When Rick decided to join the fire department in town, I was hesitant. My dad had just retired a few years before, just a year after my brother had died of smoke inhalation in a late night fire in Connecticut, where he was manning an all night open shelter for runaway teens. His death was very hard on my dad, following just a year after the Vendome fire where Dad felt the loss of nine of his brother firefighters in his beloved City of Boston. I told Rick why I was hesitant, with memories of worry as a child. I told him I’d learned to respect the training that protected my dad in the fire department, but that even with that training and equipment, lives could be lost. I didn’t know how much or how diligent the training in a small town department would be. But in time, I came to respect that, too.
Ten years later, our daughter joined Rick as a firefighter, and began the trainings that would help her to protect others and herself. She went to college then, and no longer attended trainings or fires in town. Her dad, Rick, later ‘retired’ from the firefighting role as he could no longer attend the trainings, either, and knew that without those, he would not be as capable a firefighter as he would want to be. His last fire, a structure fire near the square, trapped him for a moment in the cellar of the building, when a ‘flashback’ knocked him off his feet.
And then another ten years later, our son decided, too, to join the fire department. He began as an explorer: fourteen years old, he and others would train on supportive tasks that would help the firefighters at the scene of a woods fire. The learned to test the hoses, test the portable pumps, fill the air canisters for the breathing apparatus and provide drinking water and tools as needed by the firefighters. When he turned 18 he joined the department as a firefighter. He went to the state training academy and passed the physical and paper and pen tests; he then went through training as an EMT and then a paramedic, and is now fully employed by Lexington.
And so I’ve learned through the years and generations to trust the brotherhood of the fire departments. I’ve learned to respect the trainings that they use. I’ve become a part of the fire department’s fund raising association, so that they can continue to buy proper equipment and train in proper ways. I’ve been a daughter, a wife, and now a mother of firefighters. I accept the stress that comes with those roles. And I still pray each time a siren is heard, near or in the distance. It might be a fire truck, or a police car, or an ambulance. Whichever it is, it carries well-trained, caring individuals to the scene of someone in need of protection, of care, and of help. It carries men and women who are prepared and will get the job done. And it carries people who are loved by “those who wait and worry at home.” God be with them, and with us, all.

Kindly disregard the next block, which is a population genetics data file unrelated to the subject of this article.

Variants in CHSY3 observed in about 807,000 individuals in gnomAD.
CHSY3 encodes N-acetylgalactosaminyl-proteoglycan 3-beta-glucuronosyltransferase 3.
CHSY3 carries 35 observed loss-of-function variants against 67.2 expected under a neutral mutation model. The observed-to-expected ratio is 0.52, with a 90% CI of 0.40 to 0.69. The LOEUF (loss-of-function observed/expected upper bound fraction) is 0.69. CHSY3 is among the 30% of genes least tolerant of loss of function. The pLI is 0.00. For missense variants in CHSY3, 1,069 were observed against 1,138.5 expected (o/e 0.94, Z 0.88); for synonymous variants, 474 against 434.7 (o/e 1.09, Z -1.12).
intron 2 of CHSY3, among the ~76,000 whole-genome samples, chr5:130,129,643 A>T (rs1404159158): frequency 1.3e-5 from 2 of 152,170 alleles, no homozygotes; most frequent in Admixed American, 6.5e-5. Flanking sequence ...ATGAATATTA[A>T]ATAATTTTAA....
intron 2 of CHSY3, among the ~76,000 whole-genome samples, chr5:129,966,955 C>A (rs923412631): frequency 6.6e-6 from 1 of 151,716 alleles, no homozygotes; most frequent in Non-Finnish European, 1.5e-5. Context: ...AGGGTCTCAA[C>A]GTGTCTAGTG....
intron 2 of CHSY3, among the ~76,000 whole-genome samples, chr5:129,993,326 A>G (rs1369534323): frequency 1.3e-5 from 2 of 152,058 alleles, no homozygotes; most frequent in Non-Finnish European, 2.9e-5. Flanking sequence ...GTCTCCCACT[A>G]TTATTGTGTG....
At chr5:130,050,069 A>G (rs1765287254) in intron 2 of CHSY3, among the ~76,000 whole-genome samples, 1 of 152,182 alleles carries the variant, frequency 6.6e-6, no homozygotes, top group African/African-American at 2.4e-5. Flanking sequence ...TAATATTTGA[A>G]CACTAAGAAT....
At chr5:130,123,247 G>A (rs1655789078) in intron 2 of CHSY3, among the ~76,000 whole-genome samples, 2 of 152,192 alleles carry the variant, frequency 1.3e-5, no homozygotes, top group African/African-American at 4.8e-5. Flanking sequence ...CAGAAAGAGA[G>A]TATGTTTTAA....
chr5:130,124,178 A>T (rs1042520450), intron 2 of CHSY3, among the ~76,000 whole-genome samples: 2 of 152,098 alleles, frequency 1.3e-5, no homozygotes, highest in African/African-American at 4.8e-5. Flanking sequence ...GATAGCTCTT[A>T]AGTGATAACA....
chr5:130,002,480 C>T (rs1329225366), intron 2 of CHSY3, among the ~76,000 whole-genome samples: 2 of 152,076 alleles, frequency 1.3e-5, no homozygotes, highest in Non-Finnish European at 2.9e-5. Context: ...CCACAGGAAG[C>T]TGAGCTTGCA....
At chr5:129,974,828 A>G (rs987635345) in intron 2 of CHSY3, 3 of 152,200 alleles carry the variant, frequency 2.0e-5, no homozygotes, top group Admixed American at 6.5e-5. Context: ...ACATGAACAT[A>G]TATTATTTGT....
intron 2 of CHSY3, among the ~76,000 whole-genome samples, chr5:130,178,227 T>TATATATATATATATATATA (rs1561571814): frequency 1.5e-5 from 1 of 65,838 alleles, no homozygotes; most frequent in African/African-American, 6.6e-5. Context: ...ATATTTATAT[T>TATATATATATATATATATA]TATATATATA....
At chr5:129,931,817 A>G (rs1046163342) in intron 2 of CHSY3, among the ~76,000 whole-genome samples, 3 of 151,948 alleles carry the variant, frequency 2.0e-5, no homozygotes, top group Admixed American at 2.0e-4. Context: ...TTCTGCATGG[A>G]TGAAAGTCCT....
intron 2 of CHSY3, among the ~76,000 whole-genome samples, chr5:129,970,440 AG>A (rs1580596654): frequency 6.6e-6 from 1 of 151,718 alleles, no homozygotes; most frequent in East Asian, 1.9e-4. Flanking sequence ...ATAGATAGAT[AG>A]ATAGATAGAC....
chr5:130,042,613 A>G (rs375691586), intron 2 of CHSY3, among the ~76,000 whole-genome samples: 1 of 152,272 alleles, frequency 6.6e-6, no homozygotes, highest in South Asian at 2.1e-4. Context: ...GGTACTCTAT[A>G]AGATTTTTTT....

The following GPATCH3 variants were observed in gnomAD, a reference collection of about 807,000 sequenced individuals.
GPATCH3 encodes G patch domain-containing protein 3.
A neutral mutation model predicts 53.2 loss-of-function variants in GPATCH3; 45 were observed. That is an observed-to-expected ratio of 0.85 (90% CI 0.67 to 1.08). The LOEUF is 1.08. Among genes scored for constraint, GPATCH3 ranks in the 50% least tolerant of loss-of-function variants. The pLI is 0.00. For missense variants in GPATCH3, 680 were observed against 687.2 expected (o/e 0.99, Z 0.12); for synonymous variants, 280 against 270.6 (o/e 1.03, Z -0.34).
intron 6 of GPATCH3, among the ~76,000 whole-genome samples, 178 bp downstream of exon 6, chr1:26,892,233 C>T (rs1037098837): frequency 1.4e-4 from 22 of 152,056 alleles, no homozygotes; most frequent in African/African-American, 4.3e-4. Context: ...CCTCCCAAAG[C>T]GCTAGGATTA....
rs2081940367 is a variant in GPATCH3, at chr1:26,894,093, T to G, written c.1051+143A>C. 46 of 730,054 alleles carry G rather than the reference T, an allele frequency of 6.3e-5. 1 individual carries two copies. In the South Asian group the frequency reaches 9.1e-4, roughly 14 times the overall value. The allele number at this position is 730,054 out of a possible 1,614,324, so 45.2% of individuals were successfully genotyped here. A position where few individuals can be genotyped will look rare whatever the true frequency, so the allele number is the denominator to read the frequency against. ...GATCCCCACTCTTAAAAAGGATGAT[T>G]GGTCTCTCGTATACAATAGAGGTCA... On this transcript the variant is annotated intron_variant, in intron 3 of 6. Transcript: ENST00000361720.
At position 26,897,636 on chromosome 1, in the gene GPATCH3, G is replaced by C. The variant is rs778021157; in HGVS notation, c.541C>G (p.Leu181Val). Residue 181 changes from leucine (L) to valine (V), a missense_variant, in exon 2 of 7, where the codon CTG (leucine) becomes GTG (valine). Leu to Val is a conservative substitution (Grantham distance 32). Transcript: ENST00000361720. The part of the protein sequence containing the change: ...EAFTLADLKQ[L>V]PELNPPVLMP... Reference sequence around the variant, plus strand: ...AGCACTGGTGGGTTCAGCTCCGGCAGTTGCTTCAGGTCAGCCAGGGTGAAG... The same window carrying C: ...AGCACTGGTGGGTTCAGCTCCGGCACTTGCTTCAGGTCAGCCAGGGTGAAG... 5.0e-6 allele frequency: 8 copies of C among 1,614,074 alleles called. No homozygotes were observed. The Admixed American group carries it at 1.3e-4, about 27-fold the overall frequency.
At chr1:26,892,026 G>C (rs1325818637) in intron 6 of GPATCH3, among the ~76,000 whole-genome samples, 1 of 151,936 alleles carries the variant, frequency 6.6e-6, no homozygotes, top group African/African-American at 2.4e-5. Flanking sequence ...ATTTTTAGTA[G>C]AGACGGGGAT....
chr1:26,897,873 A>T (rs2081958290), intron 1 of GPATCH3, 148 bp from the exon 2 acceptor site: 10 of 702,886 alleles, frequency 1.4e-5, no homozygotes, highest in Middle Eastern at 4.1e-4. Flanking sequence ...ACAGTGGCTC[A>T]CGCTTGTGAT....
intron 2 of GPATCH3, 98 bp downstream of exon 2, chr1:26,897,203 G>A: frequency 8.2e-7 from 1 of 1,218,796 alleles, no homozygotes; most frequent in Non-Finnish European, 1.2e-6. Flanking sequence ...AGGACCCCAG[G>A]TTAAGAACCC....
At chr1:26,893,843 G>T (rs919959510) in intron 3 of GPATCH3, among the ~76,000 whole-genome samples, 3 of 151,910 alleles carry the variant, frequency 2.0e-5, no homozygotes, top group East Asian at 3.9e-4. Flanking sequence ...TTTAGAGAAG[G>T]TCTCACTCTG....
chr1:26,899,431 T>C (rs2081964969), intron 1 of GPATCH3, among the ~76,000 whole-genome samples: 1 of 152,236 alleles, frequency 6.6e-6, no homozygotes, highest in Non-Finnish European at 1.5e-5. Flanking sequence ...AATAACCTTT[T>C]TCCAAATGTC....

And, for those who want to know, “How am I doing?” I’m keeping busy, helping Erie 4, “the oldest, privately-owned and funded volunteer fire company that is still working as part of a town fire department in the United States of America” as their clerk, and I’m helping to raise money for our public library as the Vice President of the Friends of the Georgetown Peabody Library, and I work to help promote the visibility of small businesses in town as a member of the Alliance for Georgetown. I am a member of two local quilt/needlework guilds, and I am sole proprietor of Terry’s Thoughts and Threads, in which I make and sell quilts and books. Of course, I also help Rick with fabric accessories in our Wooden Toy and Gift shop. Retired after 30 years of teaching public school classes, I am enjoying my free time, and spending every minute I can with Rick. At a recent doctor’s visit, I was pronounced ‘unlucky in health but doing quite well.’ And that’s good enough for me. I’m happy. I’m ‘fine.’ As I often say, I’m not perfect. But I’m enough. My goals in life are simpler now. I just want to continue to be enough.